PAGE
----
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1780 Raynal / Bonne Map of China, Korea, and Japan

Carte de l'Empire de la Chine. - Main View

1780 Raynal / Bonne Map of China, Korea, and Japan


Bonne's vivid presentation of East Asia.


Carte de l'Empire de la Chine.
  1780 (undated)     13.25 x 9 in (33.655 x 22.86 cm)     1 : 21000000


This is Rigobert Bonne and Guillame Raynal's 1780 map of China, Japan, and Korea. Coverage extends from 'Tartary' south as far as the Philippines, roughly corresponding to the modern-day countries of Vietnam, North Korea, South Korea, Mongolia, China, Japan, and the Philippines.
A Closer Look
The map offers considerable inland detail on the mainland, especially in China and Tartary (including the ruins of the Mongol capital of Karakorum, here as Karakarin), however, the interiors of Japan, Taiwan (Formosa) and the Philippines are entirely unknown. Although this map dates to c. 1780, it presents China at an earlier date, either in the late Ming or the early Qing, before the dissolution of Huguang and Jiangnan Provinces (here Houquang and Kiangnan). This is because Bonne was working from one of a small number of reliable maps of China available in 18th century Europe, most likely Jean-Baptiste Bourguignon d'Anville's c. 1730 map, considered the 'gold standard' into the 19th century.

Of note, the bottom-left hand corner includes four scales, Chinese li, Japanese ri, Russian versts, and French milles. Longitude is measured both from Paris and the Isle de Fer (El Hierro), the westernmost of the Canary Islands, also known as the Ferro meridian. Seasonal trade winds are also indicated at bottom near Luzon.
Publication History and Census
This map was drawn by Bonne for Raynal's Atlas de Toutes les Parties Connues du Globe Terrestre, Dressé pour l'Histoire Philosophique et Politique des Établissemens et du Commerce des Européens dans les Deux Indes. It was engraved by Gaspard André, an individual about whom little is known (not to be confused with the 19th century architect of the same name). Both the map itself and the entire atlas in this edition are held by numerous libraries in North America and Europe.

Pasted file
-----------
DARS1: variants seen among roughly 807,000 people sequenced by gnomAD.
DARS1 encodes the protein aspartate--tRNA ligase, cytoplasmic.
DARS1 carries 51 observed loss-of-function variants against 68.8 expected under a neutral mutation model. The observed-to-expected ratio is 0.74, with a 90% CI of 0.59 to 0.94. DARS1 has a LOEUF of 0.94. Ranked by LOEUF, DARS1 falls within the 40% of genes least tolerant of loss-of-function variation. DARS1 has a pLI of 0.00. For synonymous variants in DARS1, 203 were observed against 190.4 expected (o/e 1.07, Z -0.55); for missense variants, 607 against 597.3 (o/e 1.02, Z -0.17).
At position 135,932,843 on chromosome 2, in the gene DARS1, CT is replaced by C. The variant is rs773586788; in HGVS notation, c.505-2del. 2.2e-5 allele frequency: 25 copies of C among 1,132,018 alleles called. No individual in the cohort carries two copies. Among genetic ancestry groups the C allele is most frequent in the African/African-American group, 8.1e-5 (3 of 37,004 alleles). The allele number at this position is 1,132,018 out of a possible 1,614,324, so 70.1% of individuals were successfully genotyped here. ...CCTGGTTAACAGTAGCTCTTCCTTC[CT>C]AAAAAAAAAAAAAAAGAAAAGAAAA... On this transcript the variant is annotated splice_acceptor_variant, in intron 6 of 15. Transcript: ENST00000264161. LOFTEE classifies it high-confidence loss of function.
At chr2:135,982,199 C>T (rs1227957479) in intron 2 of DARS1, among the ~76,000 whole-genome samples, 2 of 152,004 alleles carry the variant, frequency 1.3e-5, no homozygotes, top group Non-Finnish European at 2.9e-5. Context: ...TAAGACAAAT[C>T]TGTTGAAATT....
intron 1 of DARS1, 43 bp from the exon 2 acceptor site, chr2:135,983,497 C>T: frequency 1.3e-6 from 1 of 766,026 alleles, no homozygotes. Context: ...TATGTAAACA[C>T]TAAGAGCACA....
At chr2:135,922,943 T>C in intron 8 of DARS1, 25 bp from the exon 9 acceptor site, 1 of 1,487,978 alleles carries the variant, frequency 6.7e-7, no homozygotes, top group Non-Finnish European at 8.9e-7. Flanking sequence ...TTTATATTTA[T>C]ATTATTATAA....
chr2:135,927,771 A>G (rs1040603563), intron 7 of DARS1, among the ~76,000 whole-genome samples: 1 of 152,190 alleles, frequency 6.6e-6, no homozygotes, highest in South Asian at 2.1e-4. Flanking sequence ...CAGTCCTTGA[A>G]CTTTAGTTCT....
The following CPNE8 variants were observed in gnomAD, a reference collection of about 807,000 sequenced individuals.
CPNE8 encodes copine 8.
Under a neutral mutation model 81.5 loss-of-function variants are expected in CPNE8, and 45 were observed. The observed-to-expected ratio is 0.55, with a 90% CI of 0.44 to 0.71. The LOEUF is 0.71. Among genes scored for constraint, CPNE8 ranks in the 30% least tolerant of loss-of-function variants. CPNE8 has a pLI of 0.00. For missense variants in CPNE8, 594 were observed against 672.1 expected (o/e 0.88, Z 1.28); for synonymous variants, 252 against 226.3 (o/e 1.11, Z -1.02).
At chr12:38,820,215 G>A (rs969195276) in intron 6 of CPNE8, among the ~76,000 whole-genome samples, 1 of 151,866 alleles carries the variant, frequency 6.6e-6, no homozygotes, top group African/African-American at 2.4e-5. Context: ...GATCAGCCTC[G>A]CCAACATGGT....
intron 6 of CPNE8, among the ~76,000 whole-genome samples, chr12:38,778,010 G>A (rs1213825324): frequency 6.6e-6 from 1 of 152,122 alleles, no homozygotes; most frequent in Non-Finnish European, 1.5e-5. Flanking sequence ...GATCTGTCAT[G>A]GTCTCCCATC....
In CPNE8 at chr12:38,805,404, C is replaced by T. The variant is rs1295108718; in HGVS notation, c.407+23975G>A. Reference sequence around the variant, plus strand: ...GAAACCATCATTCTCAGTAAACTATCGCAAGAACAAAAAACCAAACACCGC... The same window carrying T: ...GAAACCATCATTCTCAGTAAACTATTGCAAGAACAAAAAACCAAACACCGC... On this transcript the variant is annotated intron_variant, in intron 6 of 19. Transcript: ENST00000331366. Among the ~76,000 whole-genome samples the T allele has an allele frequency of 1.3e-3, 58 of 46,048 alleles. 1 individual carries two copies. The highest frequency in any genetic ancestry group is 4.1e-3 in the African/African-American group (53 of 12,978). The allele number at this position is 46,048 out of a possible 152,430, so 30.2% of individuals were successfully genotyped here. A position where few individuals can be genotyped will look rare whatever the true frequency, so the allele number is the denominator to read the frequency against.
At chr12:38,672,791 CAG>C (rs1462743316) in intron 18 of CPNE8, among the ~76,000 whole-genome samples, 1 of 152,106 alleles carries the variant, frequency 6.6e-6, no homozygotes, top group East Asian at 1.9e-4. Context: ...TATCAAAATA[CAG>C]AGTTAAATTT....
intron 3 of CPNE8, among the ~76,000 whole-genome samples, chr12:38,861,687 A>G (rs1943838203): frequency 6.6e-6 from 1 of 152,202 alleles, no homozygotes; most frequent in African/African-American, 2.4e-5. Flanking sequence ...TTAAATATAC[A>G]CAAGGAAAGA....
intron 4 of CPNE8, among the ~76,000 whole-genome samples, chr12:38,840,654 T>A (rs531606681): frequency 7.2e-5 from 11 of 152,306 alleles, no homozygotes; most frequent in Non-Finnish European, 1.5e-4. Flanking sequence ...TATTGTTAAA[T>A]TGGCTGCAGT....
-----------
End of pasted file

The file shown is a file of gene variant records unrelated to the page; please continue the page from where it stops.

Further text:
Rigobert Bonne (October 6, 1727 - September 2, 1794) was one of the most important French cartographers of the late 18th century. Bonne was born in Ardennes à Raucourt, France. He taught himself mathematics and by eighteen was a working engineer. During the War of the Austrian Succession (1740 - 1748) he served as a military engineer at Berg-op-Zoom. It the subsequent years Bonne became one of the most respected masters of mathematics, physics, and geography in Paris. In 1773, Bonne succeeded Jacques-Nicolas Bellin as Royal Cartographer to France in the office of the Hydrographer at the Depôt de la Marine. Working in his official capacity, Bonne compiled some of the most detailed and accurate maps of the period - most on an equal-area projection known erroneously as the 'Bonne Projection.' Bonne's work represents an important step in the evolution of the cartographic ideology away from the decorative work of the 17th and early 18th century towards a more scientific and practical aesthetic. While mostly focusing on coastal regions, the work of Bonne is highly regarded for its detail, historical importance, and overall aesthetic appeal. Bonne died of edema in 1794, but his son Charles-Marie Rigobert Bonne continued to publish his work well after his death. More by this mapmaker...

Guillaume Thomas Raynal (April 12, 1711 - March 6, 1796) was a French writer, philosopher, and historian active during the Enlightenment. Raynal was educated as a Jesuit, but left the order for unknown reasons, and moved to Paris where he dedicated himself to the production of a number of minor but popular historical works. Raynal's histories opened doors to elite social and artistic circles where he met and befriended various members of the Philosophe Coteries. Raynal's most important work is generally considered to be a 1770 collaboration with Diderot and others entitled, L'Histoire philosophique et politique des établissements et du commerce des Européens dans les deux Indes. Some of the philosophical ideas developed in the book drew negative attention from the authorities who banned the book and posted a notice for the arrest of its authors. Raynal fled to Berlin and later to St. Petersburg, where he lived for a number of years before returning to France in 1787. Though not a cartographer Raynal's name is often attached to several Atlases by Rigobert Bonne, from whom he composed the text. Learn More...


Raynal, G., Atlas de Toutes les Parties Connues du Globe Terrestre, Dressé pour l'Histoire Philosophique et Politique des Établissemens et du Commerce des Européens dans les Deux Indes, (Paris) 1780.    


Very good. Slight discoloration along the fold line.


Rumsey 3083.031, OCLC 231995353, 837639469, 234186933.